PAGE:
Health Academy Courses and Fees (Chapter 21)

Adopted Rules: Closed to Comments

Effective Date: 
Monday, July 14, 2014
Download Copy of Adopted Rule (.pdf): 



Statement of Basis and Purpose of Rule


Statutory Authority


Amendment of Chapter 21 of Title 24 of the Rules of the City of New York is authorized by sections 389(b) and 1043(a) of the Charter.  Charter §389(b) provides that “heads of mayoral agencies shall have the power to adopt rules to carry out the powers and duties delegated to the agency head or the agency by or pursuant to federal, state or local law.” Charter §1043(a) authorizes each agency to “adopt rules necessary to carry out the powers and duties delegated to it by or pursuant to federal, state or local law.”  These rules are also authorized by Local Law 93 for the year 2013, enacted November 9, 2013, which added §17-1504 to the Administrative Code of the City of New York, authorizing the Department of Health and Mental Hygiene (the Department) to provide voluntary consultative inspections to restaurants and establish fees for these inspections.


These rules amend Chapter 21 (Health Academy Courses and Fees) of Title 24 of the Rules of the City of New York, as follows:


·        Repeal §21-03, Swimming pool technology course and fee;

·        Add a new §21-07, Food service establishment consultative inspections and fees; and

·        Amend the title of the chapter and §21-01, Scope and applicability.


Repeal §21-03 -- Swimming pool technology course and fee


The section being repealed described a Health Academy course that is no longer being offered. Before being amended by the Board of Health on September 21, 2011, the New York City Health Code (Health Code) §165.15(b)(1) required swimming pool operators to take a Department swimming pool technology course at the Department’s Health Academy. Since being amended, this section of the Health Code only requires that pool operators hold a “certificate indicating successful completion of an adequate course of instruction regarding the safe and effective operation and maintenance of pool treatment equipment . . . ,” but does not require that such courses be offered by the Department.  Since the course is no longer offered by the Health Academy, §21-03 is being repealed.




Add a new §2-07 – Food service establishment consultative inspections and fees   


This section is being added to authorize the Department to offer voluntary consultative inspections, with no risk of receiving notices of violation subject to monetary penalties, to food service establishments in the restaurant inspection program established by Health Code §81.51 and Chapter 23 of these rules. The consultative inspections are intended to provide additional food safety training and education and will be available at the request of a food service establishment permittee, or applicant for a new permit, subject to Department resources.  The consultative inspection will be conducted by a Department staff member with extensive knowledge of New York City’s food safety regulations and include an on-site assessment of the establishment’s food handling and preparation practices as well as its facilities, sanitation and food storage.  For operating establishments, the Department would also review recent inspection histories.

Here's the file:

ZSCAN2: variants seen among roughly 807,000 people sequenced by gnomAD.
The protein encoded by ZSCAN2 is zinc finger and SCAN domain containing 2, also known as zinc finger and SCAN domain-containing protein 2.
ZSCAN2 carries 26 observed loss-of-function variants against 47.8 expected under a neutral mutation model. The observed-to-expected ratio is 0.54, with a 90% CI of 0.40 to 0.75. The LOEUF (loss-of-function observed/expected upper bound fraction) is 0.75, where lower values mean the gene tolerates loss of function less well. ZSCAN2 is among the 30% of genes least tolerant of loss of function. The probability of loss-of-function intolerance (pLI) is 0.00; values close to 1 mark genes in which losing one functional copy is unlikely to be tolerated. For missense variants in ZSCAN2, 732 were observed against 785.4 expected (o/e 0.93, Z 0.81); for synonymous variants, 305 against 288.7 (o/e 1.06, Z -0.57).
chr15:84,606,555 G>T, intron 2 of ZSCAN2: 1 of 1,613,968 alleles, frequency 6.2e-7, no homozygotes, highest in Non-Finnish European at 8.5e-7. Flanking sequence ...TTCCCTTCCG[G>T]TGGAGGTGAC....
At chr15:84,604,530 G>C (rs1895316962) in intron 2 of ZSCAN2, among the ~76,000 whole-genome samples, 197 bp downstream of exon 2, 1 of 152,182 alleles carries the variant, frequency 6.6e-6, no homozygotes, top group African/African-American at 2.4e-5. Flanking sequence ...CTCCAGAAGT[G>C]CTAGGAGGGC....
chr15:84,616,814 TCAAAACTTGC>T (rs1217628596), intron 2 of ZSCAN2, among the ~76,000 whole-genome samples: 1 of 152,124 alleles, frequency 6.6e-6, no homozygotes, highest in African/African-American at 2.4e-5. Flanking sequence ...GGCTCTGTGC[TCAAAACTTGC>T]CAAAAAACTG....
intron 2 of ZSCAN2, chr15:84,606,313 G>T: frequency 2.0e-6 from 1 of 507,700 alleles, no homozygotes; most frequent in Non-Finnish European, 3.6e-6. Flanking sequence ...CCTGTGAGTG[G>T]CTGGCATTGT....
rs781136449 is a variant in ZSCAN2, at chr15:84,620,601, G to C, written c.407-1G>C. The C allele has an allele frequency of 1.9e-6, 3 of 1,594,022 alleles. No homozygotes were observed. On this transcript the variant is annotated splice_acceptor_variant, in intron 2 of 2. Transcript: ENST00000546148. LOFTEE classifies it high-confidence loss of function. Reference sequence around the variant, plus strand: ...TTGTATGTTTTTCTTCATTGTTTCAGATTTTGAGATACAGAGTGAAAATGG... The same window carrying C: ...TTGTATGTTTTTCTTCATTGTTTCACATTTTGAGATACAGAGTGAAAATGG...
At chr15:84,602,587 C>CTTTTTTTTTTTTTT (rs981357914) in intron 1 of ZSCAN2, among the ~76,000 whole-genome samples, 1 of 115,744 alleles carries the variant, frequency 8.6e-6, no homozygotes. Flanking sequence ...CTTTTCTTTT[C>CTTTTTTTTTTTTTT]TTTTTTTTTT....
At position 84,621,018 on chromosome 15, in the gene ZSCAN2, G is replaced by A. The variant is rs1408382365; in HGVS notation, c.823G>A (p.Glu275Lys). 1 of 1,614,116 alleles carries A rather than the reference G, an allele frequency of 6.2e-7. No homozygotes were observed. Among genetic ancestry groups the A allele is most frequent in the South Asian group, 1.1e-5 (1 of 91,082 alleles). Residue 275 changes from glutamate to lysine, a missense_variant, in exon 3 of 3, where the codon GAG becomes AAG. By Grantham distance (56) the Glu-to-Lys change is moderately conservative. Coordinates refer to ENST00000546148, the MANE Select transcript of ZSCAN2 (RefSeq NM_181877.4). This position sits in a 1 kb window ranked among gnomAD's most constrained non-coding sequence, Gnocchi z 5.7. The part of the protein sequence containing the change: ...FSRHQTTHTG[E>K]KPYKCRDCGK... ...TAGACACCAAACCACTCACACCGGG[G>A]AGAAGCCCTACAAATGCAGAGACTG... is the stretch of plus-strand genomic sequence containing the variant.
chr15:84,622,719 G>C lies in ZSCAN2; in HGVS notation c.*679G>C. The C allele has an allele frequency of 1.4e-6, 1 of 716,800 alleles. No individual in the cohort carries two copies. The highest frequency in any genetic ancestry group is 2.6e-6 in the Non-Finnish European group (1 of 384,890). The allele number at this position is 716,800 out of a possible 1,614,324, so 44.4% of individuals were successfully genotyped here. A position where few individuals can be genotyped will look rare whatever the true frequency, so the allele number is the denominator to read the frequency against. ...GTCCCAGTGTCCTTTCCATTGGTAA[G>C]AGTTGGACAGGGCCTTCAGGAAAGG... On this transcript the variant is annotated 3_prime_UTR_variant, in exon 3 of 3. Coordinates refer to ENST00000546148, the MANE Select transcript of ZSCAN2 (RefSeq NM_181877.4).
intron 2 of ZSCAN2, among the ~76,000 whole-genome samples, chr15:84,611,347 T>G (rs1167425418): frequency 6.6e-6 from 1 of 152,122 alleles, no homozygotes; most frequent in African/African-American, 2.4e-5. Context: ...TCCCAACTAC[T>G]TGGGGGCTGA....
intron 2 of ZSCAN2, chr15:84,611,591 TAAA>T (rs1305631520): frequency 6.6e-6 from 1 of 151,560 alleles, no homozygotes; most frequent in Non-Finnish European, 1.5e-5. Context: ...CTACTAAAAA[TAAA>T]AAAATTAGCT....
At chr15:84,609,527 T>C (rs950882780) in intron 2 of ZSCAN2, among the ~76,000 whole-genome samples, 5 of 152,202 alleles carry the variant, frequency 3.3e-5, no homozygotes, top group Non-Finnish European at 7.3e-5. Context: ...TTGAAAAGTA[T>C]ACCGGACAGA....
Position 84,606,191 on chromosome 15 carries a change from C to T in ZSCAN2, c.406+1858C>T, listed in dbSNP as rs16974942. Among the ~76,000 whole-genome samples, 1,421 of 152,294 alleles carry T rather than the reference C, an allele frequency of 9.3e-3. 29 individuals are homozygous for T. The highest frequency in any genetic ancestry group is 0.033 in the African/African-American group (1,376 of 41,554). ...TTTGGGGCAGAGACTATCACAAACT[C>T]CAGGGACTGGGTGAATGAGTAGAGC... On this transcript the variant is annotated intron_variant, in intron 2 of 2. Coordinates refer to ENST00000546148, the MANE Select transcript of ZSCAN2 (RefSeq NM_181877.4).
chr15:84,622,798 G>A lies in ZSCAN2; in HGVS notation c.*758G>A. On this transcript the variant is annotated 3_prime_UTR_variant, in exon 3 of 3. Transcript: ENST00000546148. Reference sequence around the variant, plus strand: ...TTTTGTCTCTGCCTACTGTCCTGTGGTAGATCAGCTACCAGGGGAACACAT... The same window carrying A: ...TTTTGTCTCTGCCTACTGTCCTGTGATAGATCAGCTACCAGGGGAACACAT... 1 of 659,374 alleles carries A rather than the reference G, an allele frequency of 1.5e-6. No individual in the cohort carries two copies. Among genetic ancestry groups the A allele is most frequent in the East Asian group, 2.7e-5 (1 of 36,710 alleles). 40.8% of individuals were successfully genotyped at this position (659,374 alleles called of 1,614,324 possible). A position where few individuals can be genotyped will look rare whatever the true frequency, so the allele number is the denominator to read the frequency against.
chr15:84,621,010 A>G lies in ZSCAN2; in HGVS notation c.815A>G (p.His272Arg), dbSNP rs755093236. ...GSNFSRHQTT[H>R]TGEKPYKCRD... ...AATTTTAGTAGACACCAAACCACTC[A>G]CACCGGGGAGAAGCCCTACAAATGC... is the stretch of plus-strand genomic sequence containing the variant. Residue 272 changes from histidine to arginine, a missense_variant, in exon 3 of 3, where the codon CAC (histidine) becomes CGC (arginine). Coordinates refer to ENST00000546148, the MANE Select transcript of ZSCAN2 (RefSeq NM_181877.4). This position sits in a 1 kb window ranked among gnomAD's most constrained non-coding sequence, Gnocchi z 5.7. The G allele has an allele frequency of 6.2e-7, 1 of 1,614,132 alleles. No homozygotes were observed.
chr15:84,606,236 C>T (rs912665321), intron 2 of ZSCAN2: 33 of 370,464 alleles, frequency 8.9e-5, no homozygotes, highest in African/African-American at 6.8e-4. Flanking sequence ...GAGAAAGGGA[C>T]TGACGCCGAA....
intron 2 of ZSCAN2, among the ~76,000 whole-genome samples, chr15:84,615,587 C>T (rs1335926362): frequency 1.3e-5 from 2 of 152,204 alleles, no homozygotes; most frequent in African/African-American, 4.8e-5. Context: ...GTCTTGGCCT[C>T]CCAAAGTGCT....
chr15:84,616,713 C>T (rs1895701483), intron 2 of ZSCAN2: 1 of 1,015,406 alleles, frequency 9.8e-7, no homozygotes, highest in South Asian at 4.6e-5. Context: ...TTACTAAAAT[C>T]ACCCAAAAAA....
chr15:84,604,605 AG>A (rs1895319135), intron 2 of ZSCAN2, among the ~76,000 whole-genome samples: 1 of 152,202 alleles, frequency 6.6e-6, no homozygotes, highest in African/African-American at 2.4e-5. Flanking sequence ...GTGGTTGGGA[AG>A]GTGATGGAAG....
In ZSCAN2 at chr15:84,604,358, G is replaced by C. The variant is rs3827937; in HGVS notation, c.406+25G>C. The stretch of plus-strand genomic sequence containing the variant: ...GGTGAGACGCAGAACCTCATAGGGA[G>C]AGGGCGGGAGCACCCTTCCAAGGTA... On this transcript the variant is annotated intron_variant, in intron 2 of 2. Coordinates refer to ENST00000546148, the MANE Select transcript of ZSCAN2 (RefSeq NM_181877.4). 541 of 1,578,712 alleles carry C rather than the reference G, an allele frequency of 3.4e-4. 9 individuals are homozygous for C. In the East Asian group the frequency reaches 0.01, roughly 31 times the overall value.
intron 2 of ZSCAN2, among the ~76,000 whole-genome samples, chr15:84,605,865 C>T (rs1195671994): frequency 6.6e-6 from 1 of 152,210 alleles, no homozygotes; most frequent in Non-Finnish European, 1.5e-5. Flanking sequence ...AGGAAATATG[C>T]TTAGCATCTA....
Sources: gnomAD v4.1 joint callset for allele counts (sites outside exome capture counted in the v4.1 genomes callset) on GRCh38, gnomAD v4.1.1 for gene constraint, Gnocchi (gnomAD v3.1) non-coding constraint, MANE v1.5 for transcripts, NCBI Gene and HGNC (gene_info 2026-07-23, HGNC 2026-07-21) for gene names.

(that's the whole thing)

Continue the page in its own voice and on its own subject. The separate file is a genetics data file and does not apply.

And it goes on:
Administrative Code §17-1504, enacted by Local Law 93 for the year 2013, authorizes the Department to offer these consultative inspections and establish a fee for them. The rule authorizes the Department to charge a $400 fee for existing restaurants and a $100 fee for restaurants that register for a consultative inspection before receiving their permit. These fees, which would partially offset the costs of providing this service, have been approved by the City’s Office of Management and Budget.


These consultative inspections are entirely voluntary.  To maximize the benefits of the consultation, the Department may require that the owner, operator or manager accompany Department staff during the on-site inspection. Findings would not be graded, and would only be scored if requested by the operator for informational purposes. Findings would not be used to determine the date of the next inspection or the length of the inspection cycle; and would not influence subsequent inspection findings.  No notice of violation or grade card would be issued. The results are intended to inform the establishment’s operator of practices and conditions that violate applicable food safety laws and regulations and provide recommendations for improving operations affecting food safety.  If the Department observes a condition that constitutes an imminent or public health hazard during the on-site consultative inspection the permittee would be required to correct the condition immediately, and the Department may close the establishment on a temporary, emergency basis to protect the public health, until the condition is corrected.


Amend the Chapter title and §21-01 Scope and applicability


            Since the new §21-07 will not involve a course offered at the Health Academy, but only describes a consultative inspection and fees to be charged by the Department, the Chapter title and §21-01 are also being amended.